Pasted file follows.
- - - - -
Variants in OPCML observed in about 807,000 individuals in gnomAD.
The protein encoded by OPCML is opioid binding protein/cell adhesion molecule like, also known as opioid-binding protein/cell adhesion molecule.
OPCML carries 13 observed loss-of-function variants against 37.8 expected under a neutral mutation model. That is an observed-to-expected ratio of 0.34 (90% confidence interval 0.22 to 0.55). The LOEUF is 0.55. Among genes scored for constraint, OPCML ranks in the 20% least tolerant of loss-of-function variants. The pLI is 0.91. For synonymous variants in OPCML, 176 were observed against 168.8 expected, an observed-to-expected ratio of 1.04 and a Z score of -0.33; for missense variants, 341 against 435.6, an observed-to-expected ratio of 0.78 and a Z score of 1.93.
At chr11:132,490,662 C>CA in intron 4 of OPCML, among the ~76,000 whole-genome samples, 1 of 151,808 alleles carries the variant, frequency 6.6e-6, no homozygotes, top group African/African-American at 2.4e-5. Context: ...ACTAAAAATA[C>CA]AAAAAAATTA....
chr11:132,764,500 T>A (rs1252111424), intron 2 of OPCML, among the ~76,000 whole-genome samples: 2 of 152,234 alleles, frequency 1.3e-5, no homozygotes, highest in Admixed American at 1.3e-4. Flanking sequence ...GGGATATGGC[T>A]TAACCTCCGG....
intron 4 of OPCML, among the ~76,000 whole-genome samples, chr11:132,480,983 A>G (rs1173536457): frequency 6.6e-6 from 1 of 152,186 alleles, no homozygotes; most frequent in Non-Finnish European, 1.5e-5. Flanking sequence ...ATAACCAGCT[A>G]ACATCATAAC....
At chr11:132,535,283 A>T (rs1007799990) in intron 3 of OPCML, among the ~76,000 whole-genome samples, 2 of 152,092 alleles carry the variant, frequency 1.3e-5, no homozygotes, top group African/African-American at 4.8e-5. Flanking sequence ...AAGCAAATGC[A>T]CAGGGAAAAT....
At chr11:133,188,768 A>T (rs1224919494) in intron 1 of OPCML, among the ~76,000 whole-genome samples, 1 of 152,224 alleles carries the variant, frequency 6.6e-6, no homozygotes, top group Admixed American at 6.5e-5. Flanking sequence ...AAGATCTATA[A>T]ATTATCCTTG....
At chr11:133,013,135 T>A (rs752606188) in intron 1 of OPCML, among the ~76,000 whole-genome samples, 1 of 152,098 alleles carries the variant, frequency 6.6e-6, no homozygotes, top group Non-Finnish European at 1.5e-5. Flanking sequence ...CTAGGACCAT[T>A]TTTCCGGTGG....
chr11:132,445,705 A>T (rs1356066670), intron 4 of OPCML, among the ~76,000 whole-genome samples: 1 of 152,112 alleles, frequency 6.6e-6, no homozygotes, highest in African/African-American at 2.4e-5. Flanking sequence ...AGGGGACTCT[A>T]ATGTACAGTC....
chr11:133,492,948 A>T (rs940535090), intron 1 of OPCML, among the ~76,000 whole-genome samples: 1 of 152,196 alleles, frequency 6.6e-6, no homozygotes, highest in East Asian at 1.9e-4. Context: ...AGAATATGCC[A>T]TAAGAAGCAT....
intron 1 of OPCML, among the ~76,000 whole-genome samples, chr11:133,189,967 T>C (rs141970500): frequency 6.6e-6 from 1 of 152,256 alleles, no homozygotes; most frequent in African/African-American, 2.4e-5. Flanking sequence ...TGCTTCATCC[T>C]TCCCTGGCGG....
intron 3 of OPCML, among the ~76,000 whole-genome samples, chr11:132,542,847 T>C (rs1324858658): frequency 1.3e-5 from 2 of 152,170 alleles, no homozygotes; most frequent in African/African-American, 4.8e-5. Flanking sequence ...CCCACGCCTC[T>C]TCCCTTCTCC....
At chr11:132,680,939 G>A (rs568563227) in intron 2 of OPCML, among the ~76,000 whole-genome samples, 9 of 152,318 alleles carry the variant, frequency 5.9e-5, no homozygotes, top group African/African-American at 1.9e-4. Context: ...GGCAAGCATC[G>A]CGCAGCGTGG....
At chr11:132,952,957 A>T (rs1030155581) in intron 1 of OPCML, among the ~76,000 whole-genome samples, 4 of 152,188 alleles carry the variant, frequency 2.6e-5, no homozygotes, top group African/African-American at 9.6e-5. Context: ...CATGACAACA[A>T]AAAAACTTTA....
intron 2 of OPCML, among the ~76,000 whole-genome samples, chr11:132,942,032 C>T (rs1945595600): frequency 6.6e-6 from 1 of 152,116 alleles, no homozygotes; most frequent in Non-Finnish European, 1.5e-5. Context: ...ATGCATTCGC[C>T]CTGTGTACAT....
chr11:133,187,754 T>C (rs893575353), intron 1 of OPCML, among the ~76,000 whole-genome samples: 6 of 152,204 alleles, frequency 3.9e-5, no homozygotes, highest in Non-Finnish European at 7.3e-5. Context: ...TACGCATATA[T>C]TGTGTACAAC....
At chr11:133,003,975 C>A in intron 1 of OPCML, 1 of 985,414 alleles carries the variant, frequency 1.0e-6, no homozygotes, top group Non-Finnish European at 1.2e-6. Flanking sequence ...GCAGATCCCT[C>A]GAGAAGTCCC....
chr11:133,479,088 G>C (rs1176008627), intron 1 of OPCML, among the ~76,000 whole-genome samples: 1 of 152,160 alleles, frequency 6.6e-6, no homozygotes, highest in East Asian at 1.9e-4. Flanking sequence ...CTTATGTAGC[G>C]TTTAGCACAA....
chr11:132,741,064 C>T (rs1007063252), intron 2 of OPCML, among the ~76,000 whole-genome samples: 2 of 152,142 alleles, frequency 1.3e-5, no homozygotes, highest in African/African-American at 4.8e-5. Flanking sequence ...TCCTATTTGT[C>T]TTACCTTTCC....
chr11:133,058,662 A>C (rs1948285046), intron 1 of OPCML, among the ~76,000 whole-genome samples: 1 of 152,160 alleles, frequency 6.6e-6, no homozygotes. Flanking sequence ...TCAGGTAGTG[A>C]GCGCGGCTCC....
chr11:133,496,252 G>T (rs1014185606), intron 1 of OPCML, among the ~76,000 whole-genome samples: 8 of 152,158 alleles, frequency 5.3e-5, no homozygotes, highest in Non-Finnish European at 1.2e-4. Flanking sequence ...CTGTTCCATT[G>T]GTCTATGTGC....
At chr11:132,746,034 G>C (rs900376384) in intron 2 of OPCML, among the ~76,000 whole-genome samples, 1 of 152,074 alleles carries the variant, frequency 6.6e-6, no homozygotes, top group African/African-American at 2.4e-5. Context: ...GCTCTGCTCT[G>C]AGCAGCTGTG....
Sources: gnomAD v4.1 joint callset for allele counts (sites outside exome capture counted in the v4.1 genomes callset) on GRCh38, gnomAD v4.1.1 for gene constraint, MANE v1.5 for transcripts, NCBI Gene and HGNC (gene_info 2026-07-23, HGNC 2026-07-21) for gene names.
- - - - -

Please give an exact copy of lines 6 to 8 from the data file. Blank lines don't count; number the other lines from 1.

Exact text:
intron 4 of OPCML, among the ~76,000 whole-genome samples, chr11:132,480,983 A>G (rs1173536457): frequency 6.6e-6 from 1 of 152,186 alleles, no homozygotes; most frequent in Non-Finnish European, 1.5e-5. Flanking sequence ...ATAACCAGCT[A>G]ACATCATAAC....
At chr11:132,535,283 A>T (rs1007799990) in intron 3 of OPCML, among the ~76,000 whole-genome samples, 2 of 152,092 alleles carry the variant, frequency 1.3e-5, no homozygotes, top group African/African-American at 4.8e-5. Flanking sequence ...AAGCAAATGC[A>T]CAGGGAAAAT....
At chr11:133,188,768 A>T (rs1224919494) in intron 1 of OPCML, among the ~76,000 whole-genome samples, 1 of 152,224 alleles carries the variant, frequency 6.6e-6, no homozygotes, top group Admixed American at 6.5e-5. Flanking sequence ...AAGATCTATA[A>T]ATTATCCTTG....